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Entertainment Science

The Physics Behind Waterslides 79

theodp writes "National Geographic takes a high-level look at the physics behind waterslides. A lot of science goes into providing a safe 60 mph trip down slides like Walt Disney World's 10-story Summit Plummet. 'Safety is our number one concern,' explains Rick Hunter of ProSlide Technology. 'We're thinking about things like, "are you going to stay on the fiberglass tube," it's really easy to do a computer model and look at curves and drops and forecast rider position and speed.'"
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The Physics Behind Waterslides

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  • Re:Just curious (Score:3, Informative)

    by Khyber ( 864651 ) <techkitsune@gmail.com> on Monday July 08, 2013 @02:51PM (#44217985) Homepage Journal

    "Perhaps the more relevant question here would be to ask how many of those engineers who claim it's "really easy" to model these rides have taken a turn on their own creations..."

    Exactly this. Due to my somewhat light weight/height ratio, I tend to spend more than half of my time down a water slide without any contact on any of the surfaces.

    Several parks I've visited, I've come out with a bruised ass afterwards due to crappy physics calculations. It's as if the slide designers are all fat and are using themselves as the reference point for design.

  • Re:Just curious (Score:5, Informative)

    by Z_A_Commando ( 991404 ) on Monday July 08, 2013 @03:14PM (#44218197)

    Having worked at a water park, I can tell you that they primarily keep the water clean by constantly upping the levels of chlorine and other chemicals. However, it depends on the attraction. Some attractions like slides and flume rides are emptied every night or every week for inspections. A big example is Splash Mountain at the Magic Kingdom. They drain the water every night and pump it out to a treatment facility. New water is pumped in from a retaining pond just outside of the attraction.

    Some attractions, such as large wave pools, can't be drained and refilled overnight and instead are typically drained during the off season or during refurbishment only. However, these attractions are constantly having new water added because of evaporation and because some water is drained as it passes through various filters and cleansing agents. An extreme example would be Schlitterbahn, where they siphon part of a river into their park and the water runs through once before exiting back into the river without recirculation. Of course, treatment is done when the water comes in and when the water leaves so it's safe to swim in and safe for the environment.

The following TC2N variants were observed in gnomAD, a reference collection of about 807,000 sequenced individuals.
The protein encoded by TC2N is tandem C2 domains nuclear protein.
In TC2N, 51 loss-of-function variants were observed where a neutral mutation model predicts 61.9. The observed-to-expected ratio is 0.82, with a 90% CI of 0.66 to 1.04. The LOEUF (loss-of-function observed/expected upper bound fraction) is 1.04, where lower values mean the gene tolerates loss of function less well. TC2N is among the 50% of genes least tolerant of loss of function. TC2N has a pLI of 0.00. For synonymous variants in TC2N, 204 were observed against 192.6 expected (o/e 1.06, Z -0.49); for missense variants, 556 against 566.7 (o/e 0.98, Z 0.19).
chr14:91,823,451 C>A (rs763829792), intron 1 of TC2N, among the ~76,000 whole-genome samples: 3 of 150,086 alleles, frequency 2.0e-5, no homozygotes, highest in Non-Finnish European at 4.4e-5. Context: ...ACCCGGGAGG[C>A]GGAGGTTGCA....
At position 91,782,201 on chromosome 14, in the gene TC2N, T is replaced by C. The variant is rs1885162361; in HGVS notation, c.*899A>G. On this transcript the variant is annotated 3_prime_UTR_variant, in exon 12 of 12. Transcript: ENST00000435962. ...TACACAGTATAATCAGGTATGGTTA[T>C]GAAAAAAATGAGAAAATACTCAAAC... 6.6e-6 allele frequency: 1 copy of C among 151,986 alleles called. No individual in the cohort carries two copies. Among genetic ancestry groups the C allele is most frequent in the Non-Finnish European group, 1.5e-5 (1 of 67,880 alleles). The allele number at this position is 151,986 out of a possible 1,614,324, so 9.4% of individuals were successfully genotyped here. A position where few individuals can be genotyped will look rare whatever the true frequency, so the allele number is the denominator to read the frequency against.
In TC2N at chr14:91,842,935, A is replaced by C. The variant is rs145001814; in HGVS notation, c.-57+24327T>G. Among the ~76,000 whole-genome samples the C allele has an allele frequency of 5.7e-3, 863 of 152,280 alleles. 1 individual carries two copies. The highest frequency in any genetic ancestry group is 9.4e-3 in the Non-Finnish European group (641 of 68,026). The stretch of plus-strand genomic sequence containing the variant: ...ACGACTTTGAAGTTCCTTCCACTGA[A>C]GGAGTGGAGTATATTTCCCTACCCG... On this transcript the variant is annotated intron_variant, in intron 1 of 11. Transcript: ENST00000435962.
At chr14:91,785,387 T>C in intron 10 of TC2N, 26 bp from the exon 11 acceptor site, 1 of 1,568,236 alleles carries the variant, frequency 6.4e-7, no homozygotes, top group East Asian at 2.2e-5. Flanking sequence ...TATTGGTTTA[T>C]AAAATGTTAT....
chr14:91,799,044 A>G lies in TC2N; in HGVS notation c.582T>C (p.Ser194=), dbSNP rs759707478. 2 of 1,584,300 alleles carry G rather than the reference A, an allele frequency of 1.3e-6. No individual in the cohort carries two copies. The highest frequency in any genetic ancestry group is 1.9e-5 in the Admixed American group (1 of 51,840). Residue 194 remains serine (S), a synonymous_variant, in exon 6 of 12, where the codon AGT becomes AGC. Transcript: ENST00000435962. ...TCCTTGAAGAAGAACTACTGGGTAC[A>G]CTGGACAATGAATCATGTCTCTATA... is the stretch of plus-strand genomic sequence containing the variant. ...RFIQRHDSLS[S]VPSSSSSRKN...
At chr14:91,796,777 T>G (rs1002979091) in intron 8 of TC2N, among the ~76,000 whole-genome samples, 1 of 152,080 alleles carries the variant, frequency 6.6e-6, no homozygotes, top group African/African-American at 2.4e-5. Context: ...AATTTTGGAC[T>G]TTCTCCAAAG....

The most likely source of infection from a waterpark are areas where water does not circulate effectively and thus does not pass through the filters. This is why waterparks have tons of moving water and very little (if any) standing water. Of course, MRSA is also a tough bugger to fight. If you were actually diagnosed with MRSA and your doctor believes you got it while visiting a waterpark, I recommend you contact your state board of health so that it can be taken care of. Waterparks have tons of reporting they need to do, but most of it revolves around chemical levels. Knowing they may have MRSA in the water will result in extra precautions and a more thorough investigation. Blood borne pathogens are not something waterparks take lightly.

When a fellow says, "It ain't the money but the principle of the thing," it's the money. -- Kim Hubbard